meanings and origin of ‘a far cry’

The phrase ‘a far cry’ means ‘something very different’. Its literal signification (first recorded in A Legend of Montrose (1819), by Walter Scott) is ‘a long way’, ‘a great distance’. Here, the noun ‘cry’ denotes ‘a calling distance’, as in ‘within cry of’, meaning ‘within calling distance of’.

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origin of ‘coward’ and of ‘cowardy, cowardy custard’

‘coward’—from Old-French ‘cuard’, probably referring to a frightened animal with its tail between its legs—from ‘cüe’ (Modern French ‘queue’), ‘tail’, and pejorative suffix ‘-ard’ (cf. ‘bastard’)—‘cowardy, cowardy custard’, alliterative nonsensical children’s phrase (19th century)

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How Thomas Jefferson was berated for coining ‘belittle’.

coined by Thomas Jefferson in Notes on the State of Virginia, first published in Paris in 1785—literal meaning: ‘to make little’ (composed of the prefix ‘be-’ and the adjective ‘little’)—criticised in The European Magazine, and London Review of August 1787 when the book was published in London

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‘irregardless’: a hyperbolic form of ‘regardless’

UK, 1847—Probably a blend of ‘irrespective’ and ‘regardless’, ‘irregardless’ means the same as ‘regardless’. It is regarded as incorrect in standard English, because the negative prefix ‘ir-’ merely duplicates the suffix ‘-less’, and is therefore unnecessary.

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‘to fall off (the back of) a lorry’ (‘to be stolen’)

UK, 1953, humorous and euphemistic—‘to fall off (the back of) a lorry’: of goods, ‘to be acquired in dubious or unspecified circumstances’, especially ‘to be stolen’—variant with ‘truck’ came into use later in Australian and North American English

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‘to use one’s loaf’ (‘to use one’s common sense’)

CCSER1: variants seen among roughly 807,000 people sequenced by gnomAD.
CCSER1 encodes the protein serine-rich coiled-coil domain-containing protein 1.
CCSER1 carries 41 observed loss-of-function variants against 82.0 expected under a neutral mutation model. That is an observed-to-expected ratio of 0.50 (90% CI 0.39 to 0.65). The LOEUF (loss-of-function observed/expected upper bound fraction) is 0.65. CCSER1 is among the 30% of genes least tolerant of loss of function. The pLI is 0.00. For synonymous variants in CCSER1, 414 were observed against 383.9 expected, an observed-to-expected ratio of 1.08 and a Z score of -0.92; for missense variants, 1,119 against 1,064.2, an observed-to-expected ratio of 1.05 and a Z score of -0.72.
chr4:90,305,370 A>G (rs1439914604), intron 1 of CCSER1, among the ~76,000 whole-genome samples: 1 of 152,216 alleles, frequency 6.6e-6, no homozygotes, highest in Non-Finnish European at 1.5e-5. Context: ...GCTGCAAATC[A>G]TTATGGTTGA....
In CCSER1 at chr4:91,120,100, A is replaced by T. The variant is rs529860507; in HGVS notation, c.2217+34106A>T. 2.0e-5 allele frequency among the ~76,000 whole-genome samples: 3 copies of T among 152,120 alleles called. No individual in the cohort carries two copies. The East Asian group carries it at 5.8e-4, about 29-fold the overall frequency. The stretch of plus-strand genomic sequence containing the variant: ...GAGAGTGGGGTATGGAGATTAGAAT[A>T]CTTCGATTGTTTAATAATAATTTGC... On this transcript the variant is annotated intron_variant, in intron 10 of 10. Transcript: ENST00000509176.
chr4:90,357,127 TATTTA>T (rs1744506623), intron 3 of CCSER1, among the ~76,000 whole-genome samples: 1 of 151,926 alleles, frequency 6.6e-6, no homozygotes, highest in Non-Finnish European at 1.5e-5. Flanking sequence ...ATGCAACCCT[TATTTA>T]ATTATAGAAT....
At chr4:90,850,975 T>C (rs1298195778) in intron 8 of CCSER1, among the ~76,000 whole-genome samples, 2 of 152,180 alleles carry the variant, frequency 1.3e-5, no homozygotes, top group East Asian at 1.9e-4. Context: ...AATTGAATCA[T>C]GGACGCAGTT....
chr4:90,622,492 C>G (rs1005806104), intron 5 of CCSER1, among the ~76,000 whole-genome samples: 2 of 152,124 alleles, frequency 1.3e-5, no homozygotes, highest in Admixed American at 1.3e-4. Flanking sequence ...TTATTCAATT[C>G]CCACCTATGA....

First recorded in The Leeds Mercury (Leeds, Yorkshire) of Friday 26 August 1938, the phrase ‘to use one’s loaf’ means ‘to use one’s common sense’. Here, ‘loaf’, a shortening of ‘loaf of bread’, is rhyming slang for ‘head’.

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origin of ‘lock, stock and barrel’ (i.e. ‘completely’)

USA, 1811—based on the three principal components that make up a flintlock gun: ‘lock’ denotes the firing mechanism, ‘stock’ the handle or wooden shoulder-piece to which it is attached, and ‘barrel’ the tube down which the bullet is fired

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origin of ‘bobby’ and ‘peeler’ (‘police officer’)

UK, 1844—‘bobby’: a policeman—from ‘Bobby’, pet form of ‘Robert’, in allusion to Robert Peel, who, as Home Secretary, established the Metropolitan Police in 1829—cf. ‘peeler’ (1816), originally a member of the Peace Preservation Force in Ireland established in 1814 by Robert Peel

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‘handbag’: how Thatcher enriched the English language

‘handbag’: to bully or coerce by subjecting to a forthright verbal assault or criticism—originally used with reference to British Prime Minister Margaret Thatcher in The Economist (7 August 1982)—from literal meaning ‘to batter or assault with a handbag’

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‘the hand that rocks the cradle rules the world’

first recorded in a speech by Rev. George W. Bethune, transcribed in ‘Brief abstract of the fourth annual report of board of Managers of the New-York city Colonization Society’, published in ‘The American Christian Instructor’ of April 1836

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